8. Supply Closet – Keep a stash of folders, plastic sleeves, tabs, printer ink.
    9. One File at a Time – Work through paper piles steadily; the mess didn’t happen in one day.
    10. KISS – Keep It Simple, Silly! Use an easy to set up, easy to maintain system.

    

    Friday
    Jul092010

    Four Tried and True Systems for Organizing Genealogy Research

    This article was written for my local genealogy society newsletter. You are welcome to use it in your own society online or print publication; please credit www.TheFamilyCurator.com.

    Genealogists may not see eye to eye on the Perfect Organizational System for data and sources, but they will certainly agree that they would rather spend time finding ancestors than filing papers. The challenge is to create a system that suits the personality and habits of the user and is easy to create and maintain.

    Here are four systems worth investigating –

    Organize Your Paper Files http://www.fileyourpapers.com/

    Genealogical Research Associates recommends using a straightforward numerical system based on Marriage Record Numbers in conjunction with your genealogy database software program. An illustrated tutorial provides step-by-step instructions for setting up and filing papers.

    Finally, Get Organized  http://blog.dearmyrtle.com/2009/01/finally-get-organized-jan-2009.html

    Dear Myrtle (speaker and podcaster Pat Richley) describes her system of 3-ring notebooks in the first monthly installment of the series “Finally, Get Organized: January 2009 Checklist.” The monthly PDF checklists highlight different aspects of genealogy work, from organizing files to time management. Find the organizing blog posts by typing “checklist” in the “Search This Blog” search box.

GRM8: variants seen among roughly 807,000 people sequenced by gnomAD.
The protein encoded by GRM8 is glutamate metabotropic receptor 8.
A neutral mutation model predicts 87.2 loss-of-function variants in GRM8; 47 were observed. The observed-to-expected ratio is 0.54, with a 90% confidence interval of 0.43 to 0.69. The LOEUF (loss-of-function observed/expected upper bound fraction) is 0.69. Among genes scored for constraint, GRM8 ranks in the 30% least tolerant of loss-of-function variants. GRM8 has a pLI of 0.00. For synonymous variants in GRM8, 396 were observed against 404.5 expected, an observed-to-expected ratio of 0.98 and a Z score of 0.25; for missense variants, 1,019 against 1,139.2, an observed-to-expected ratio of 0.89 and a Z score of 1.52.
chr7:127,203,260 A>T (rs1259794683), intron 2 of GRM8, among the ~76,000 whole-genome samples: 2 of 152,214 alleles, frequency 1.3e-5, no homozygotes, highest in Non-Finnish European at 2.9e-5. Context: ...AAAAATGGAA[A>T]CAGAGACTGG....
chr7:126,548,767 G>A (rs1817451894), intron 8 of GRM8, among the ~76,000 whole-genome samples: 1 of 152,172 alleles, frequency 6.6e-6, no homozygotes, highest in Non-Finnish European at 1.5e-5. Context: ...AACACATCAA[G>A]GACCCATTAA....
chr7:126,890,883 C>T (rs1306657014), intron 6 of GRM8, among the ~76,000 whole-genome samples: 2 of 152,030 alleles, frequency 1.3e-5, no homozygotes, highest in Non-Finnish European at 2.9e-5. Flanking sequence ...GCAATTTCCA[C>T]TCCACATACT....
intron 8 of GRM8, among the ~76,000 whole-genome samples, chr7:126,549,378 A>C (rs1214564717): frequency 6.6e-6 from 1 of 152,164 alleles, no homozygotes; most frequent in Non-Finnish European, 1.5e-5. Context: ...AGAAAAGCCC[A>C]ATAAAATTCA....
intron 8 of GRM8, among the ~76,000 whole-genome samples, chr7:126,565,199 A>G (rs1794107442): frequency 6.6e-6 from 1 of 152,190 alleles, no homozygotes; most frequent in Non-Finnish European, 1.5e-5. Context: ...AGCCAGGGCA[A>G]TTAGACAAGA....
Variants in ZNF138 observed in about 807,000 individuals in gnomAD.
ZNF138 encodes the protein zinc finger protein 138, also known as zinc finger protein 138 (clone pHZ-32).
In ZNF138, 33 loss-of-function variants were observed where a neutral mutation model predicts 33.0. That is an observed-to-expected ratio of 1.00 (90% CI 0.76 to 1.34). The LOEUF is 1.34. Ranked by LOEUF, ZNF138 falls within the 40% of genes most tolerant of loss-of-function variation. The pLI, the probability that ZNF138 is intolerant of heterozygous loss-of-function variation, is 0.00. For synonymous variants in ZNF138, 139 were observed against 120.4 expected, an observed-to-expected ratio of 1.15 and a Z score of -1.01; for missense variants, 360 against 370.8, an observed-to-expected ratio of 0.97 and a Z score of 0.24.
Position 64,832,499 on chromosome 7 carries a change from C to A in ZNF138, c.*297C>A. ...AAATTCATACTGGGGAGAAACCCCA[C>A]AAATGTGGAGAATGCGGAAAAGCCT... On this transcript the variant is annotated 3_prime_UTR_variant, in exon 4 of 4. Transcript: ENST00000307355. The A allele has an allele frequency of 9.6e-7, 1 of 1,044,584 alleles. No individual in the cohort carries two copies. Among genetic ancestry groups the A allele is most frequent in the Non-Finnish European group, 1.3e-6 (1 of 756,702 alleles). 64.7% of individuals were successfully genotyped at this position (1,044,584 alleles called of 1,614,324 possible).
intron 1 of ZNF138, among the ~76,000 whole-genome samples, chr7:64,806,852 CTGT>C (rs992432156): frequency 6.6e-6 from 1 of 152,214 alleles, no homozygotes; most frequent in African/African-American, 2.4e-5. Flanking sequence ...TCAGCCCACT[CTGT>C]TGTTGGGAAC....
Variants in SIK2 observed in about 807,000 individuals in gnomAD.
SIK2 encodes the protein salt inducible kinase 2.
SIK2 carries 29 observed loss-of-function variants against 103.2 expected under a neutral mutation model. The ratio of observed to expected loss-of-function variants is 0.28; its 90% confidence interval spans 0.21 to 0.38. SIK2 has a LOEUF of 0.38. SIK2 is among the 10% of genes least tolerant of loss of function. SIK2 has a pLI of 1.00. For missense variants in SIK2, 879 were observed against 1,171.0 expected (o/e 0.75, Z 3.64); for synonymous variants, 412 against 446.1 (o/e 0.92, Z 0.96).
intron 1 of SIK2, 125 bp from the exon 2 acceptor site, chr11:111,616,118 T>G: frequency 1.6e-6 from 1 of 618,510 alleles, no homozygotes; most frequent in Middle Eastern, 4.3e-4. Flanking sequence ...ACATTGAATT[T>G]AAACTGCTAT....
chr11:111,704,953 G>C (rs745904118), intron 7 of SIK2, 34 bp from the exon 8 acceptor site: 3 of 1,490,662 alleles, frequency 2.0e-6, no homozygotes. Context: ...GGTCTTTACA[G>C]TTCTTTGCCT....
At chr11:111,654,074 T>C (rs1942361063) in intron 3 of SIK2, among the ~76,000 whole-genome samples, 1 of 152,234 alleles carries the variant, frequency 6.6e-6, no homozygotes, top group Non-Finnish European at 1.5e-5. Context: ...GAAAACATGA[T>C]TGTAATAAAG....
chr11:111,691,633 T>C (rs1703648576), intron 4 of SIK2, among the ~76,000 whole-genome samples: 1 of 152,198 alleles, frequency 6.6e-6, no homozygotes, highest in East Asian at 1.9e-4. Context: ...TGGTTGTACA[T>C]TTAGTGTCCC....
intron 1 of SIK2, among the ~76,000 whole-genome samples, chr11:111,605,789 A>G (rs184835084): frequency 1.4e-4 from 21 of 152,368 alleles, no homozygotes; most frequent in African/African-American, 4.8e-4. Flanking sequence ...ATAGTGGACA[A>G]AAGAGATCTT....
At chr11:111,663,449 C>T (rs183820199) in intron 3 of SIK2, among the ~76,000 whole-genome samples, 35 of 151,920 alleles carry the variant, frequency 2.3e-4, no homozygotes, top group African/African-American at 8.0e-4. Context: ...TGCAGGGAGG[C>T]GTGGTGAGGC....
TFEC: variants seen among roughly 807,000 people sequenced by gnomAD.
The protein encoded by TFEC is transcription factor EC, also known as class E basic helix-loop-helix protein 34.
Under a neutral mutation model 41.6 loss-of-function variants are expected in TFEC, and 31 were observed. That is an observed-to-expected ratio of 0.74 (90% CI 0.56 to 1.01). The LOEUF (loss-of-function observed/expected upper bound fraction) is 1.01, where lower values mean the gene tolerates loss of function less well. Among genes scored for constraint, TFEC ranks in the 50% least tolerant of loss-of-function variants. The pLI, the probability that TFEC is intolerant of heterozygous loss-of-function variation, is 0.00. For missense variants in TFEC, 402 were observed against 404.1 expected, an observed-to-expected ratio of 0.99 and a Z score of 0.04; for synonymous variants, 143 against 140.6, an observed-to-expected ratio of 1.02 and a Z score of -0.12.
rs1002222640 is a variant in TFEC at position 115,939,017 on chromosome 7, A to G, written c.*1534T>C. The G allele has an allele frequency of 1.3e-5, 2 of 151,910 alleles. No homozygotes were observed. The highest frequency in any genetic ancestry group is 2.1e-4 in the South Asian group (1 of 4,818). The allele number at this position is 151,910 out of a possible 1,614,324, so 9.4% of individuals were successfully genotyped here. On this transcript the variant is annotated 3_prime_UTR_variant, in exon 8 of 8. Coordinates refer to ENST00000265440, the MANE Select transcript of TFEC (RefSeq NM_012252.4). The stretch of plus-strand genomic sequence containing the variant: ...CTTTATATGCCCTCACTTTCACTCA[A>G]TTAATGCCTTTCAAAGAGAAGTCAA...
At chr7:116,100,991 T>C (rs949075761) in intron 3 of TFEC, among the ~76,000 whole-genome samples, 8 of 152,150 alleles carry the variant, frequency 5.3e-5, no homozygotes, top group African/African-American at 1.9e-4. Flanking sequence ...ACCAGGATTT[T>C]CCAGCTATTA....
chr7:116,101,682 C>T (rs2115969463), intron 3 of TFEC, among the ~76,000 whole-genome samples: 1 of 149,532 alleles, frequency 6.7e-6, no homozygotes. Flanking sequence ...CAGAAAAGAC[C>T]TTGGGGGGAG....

Organizing Your Files https://wiki.familysearch.org/en/Organizing_Your_Files

    Folders, binders, and overall concepts are all discussed in a comprehensive article on the FamilySearch Wiki. Beginning with a discussion of the value of organizing your files, through organizing principles, setting up a system, maintaining your files, and using document numbers for filing, this article lays a good foundation for any genealogy filing system.

    How I Organize My Genealogy http://www.youtube.com/watch?v=mrWf6VmKVCs&feature=related

    Elyse Doerflinger is a college student and experienced genealogy blogger and speaker. She has recorded a series of YouTube videos featuring step-by-step instructions for setting up a genealogy filing system and staying on top of the paper piles. Browse videos by Elyse90505 for more simple, effective filing tips.

    If you haven’t found The Perfect System yet, don’t despair; keep looking and asking questions. And, as you investigate all the many possibilities, use a simple system that helps you stay in control of your research so you can spend your time finding – instead of filing – your ancestors.

    Ten Tips for Organizing Genealogy Research

    1. Sheet Control – Use standard 8 ½ x 11-inch paper for all notes and printouts.
    2. Stay Single – One surname, one locality per sheet for easy filing.
    3. No Repeats – Avoid errors; write legibly the first time.
    4. Dating Yourself – Always write the current date on your research notes.
    5. Be Color Clever – Distinguish family lines with different colored folders, binders, tabs.
    6. File First – File one research trip or effort before starting the next one.
    7. Ask Directions – Write your own filing instructions; a big help when you take a long break.
    8. Supply Closet – Keep a stash of folders, plastic sleeves, tabs, printer ink.
    9. One File at a Time – Work through paper piles steadily; the mess didn’t happen in one day.
    10. KISS – Keep It Simple, Silly! Use an easy to set up, easy to maintain system.
    Thursday
    Jul082010

    What I Use for What I Do

    GeneaBloggers has issued a “call to share” genealogy tech tools via a “What I Do” meme. I like Thomas MacEntee’s post today at Destination Austin Family because it addresses my nosier nature and answers that burning question, “Hey, what do you use to . .  ?.”